The Rise and Inevitable Fall of Keith Olberman

I’m delighted about the departure of Keith Olberman from MSNBC.

Not because of his liberal views. There’s room for that on TV, and should be. After all, we’ve got a whole network devoted exclusively to conservative views. If MSNBC wants to commit their evening line-up to a weak counter-balance to FoxNews, that’s fine. There’s an audience for that.

And not because Olberman lacks ability. The guy is extremely talented. “Countdown” showed a lot of creativity. As a writer, I’ve always admired Olberman’s dexterity as a wordsmith; he could really turn a phrase, and knew how to do it with humor, which isn’t as easy as you think. He always seemed, to me, quite bright, though without the political background which provides knowledge and insight, which you find with the likes of Joe Scarborough, Britt Hume, and Chris Matthews.

In that way, Olberman was akin to Glenn Beck. Beck spent most of his career as a morning shock jock, and only gained an interest in politics when his Top 40-DJ career was waning and he realized he needed a new gig; talk radio was just then taking off, and he decided that’s where his future lay. Olberman got his start in sports, where he became a rock star of sorts with Dan Patrick on SportsCenter. But in turning to political punditry, he’s had to learn on the job. His lack of depth, like Beck’s, is apparent. Though Olberman avoids the wild-eyed rantings of Beck.

No, the reason I bid a happy adieu to Olberman has to do with character issues. His smugness. Inflated ego. Pomposity. Arrogance. Sense of self-importance. His inner diva.

In 2008, I read a New Yorker profile on Olberman called “One Angry Man.” As I’ve written before, nobody does profiles as well as the New Yorker. In this profile, Olberman’s arrogance and diva nature shone through, and I remember thinking, “This guy will someday implode.” To me, it was just a matter of time before he and MSNBC reached an unhappy parting. (I predict the same meltdown will happen with Glenn Beck, eventually.)

I’ve read for years about how the mainstay NBC news personalities disliked Olberman (and MSNBC’s nighttime line-up in general), because of the overt partisanship. People like Brian Williams and Tom Brokaw felt that Olberman’s blatant liberalism unfairly tarnished the image of the NBC news division, and I agree. Williams, Brokaw, and the other NBC mainstream journalists kept their distance from Olberman.

Sean Hannity recently interviewed Sarah Palin. That’s like Ken interviewing Barbie. Totally softball stuff. Likewise, I remember, during the presidential campaign, when Olberman landed an interview with Barack Obama. Olberman slobbered all over Obama, trying to be chummy and not ask anything confrontative. It was pathetic, and Obama seemed embarrassed by it. There are only scraps of journalist in Olberman.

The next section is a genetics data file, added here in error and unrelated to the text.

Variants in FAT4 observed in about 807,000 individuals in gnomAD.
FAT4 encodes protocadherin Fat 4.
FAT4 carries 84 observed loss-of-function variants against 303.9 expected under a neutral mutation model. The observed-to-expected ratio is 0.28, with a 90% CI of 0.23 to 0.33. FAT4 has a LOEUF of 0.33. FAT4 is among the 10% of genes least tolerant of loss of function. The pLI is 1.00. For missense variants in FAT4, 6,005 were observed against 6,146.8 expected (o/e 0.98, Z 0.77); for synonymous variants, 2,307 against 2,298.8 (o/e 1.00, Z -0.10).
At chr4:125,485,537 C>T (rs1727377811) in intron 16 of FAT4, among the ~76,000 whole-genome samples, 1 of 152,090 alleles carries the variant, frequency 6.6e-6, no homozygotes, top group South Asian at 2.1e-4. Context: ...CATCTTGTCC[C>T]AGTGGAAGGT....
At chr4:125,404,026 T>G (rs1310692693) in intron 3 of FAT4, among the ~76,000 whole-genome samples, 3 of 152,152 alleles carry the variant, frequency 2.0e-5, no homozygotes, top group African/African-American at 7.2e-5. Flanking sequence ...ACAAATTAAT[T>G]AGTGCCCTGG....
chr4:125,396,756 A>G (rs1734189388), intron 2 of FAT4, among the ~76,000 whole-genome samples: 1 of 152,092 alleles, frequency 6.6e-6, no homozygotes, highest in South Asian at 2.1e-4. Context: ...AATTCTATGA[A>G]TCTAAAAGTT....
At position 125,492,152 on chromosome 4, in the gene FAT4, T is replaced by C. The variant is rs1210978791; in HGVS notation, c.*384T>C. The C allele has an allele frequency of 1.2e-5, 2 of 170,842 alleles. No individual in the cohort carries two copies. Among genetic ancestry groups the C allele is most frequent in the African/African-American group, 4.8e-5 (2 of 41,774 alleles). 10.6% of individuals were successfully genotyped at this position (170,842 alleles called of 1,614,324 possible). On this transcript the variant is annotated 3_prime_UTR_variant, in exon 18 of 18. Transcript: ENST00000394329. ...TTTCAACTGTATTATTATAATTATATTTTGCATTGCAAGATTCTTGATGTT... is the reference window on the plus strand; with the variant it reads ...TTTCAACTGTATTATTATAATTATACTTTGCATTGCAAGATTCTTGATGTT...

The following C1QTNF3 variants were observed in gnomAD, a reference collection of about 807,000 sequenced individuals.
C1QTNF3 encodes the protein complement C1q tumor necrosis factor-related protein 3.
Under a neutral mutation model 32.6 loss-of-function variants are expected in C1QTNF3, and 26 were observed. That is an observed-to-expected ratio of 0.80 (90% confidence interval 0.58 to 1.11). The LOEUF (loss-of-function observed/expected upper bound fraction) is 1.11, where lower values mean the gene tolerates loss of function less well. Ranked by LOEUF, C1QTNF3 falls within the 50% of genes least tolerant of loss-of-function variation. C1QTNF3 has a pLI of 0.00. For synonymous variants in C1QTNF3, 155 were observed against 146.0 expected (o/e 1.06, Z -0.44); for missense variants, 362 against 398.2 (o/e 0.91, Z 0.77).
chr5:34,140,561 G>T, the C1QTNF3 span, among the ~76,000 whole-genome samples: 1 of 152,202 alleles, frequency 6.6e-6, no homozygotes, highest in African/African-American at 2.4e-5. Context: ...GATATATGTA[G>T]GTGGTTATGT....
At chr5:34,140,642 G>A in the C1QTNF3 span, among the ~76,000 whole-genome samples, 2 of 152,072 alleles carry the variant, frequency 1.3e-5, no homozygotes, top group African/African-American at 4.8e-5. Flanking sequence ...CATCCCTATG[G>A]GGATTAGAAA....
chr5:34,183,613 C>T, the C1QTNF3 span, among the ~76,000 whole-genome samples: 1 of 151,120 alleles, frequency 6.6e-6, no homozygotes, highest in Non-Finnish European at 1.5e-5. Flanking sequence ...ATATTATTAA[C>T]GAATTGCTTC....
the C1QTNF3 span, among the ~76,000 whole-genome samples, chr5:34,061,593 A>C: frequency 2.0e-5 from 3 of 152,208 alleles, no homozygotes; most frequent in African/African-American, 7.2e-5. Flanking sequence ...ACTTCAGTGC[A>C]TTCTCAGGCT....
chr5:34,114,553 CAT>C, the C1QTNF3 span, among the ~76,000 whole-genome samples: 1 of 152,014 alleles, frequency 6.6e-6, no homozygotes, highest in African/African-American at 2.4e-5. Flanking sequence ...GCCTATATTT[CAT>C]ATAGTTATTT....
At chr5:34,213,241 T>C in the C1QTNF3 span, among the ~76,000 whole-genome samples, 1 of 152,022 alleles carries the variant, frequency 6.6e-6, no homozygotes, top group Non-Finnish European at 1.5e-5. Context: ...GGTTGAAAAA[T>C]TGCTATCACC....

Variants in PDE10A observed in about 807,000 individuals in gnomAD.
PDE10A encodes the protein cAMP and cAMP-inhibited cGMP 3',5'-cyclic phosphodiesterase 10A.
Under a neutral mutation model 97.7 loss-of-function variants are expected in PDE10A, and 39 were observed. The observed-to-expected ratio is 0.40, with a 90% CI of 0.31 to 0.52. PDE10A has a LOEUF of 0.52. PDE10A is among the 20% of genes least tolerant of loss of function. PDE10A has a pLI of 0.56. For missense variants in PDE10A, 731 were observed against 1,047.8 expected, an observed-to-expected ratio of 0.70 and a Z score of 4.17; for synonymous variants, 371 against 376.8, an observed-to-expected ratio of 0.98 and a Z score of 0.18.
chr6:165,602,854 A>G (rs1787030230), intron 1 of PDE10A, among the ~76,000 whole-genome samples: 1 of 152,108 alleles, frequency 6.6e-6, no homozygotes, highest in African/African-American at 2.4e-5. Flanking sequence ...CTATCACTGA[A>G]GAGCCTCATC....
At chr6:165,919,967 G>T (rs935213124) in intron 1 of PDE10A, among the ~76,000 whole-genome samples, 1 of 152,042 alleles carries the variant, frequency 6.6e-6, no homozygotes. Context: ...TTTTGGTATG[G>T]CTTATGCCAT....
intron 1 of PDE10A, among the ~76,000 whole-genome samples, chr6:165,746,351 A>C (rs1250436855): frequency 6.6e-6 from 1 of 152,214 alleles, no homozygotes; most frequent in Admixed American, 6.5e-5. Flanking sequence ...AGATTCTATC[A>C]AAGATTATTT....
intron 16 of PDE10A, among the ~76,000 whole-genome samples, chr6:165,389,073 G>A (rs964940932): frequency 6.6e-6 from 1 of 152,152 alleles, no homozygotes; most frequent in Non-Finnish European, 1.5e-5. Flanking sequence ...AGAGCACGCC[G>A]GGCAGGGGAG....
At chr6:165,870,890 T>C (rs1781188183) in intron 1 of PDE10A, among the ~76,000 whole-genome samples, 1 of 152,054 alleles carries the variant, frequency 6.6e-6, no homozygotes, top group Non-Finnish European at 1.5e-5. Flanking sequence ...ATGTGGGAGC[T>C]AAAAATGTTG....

This partisanship is why I despise both the MSNBC nighttime programs and the entirety of FoxNews. It’s not journalism. And it’s not truth. When your focus is to tear down the other side–whether it’s the Republicans or the Democrats–and to never say anything good about the other, then you’re not interested in truth. You’re just a puppet, a spouter of talking points. FoxNews no longer makes any pretense about being an objective news organization. MSNBC wants to have it both ways. Both networks know the audience they are trying to reach–the choirs they preach to, the people who care less about light than about having their preconceived views affirmed. And that’s not me. I’m in nobody’s choir.

As with Bill O’Reilly and others, there have been stories of Olberman being a diva around his staff. That always turns me off.

Speaking of O’Reilly: Olberman regularly attacked him, often placing him among that day’s candidates for “Worst Person in the World.” O’Reilly, instead of responding to Olberman, smartly went above him to attack General Electric, the parent company. O’Reilly found many excuses to unfairly demonize GE. This didn’t please GE.

I suspect that Comcast, the new parent company, was not excited about becoming O’Reilly’s new target of derision. If O’Reilly told viewers to cancel their Comcast subscription and switch to another carrier, tens of thousands of them would mindlessly obey.

During the Bush years, I grew to like Olberman. He was speaking about things which were a deep concern to me, particularly in regard to the wars and torture. But increasingly, he became shrill, and his sense of self-importance clouded everything. Then one night he ended an otherwise okay “Special Comment” piece by saying, “Mr. Bush: Shut the hell up.”

That’s when he totally lost me. That was way, way over my line.

Olberman was definitely good for MSNBC. During his eight years as “Countdown” host, he did what Phil Donahue, Alan Keyes, and a whole bunch of other bigger names couldn’t: he created an audience for the MSNBC evening shows, and he did it on talent alone (being an unknown, that’s all he had). So kudos for that.

But his ego did him in. And yet another unhappy parting–an Olberman trademark–occurred. An ESPN executive once said of Olberman’s departure, “He didn’t burn bridges here. He napalmed them.” I’m sure that’s the case once again.

Where will Olberman turn up next? Beats me. Probably on radio. I don’t see any TV network making a place for him.

Interestingly, Olberman’s TV spot is being filled by Lawrence O’Donnell, whose ego rivals Olberman’s. He lacks Olberman’s talent, but does bring political depth. But I suspect he’ll self-implode, too. As will Ed Schultz, who is taking O’Donnell’s previous spot. Chris Matthews and Rachel Maddow are the only sane ones in the line-up. In my view. And Matthews is the only one I care to watch.

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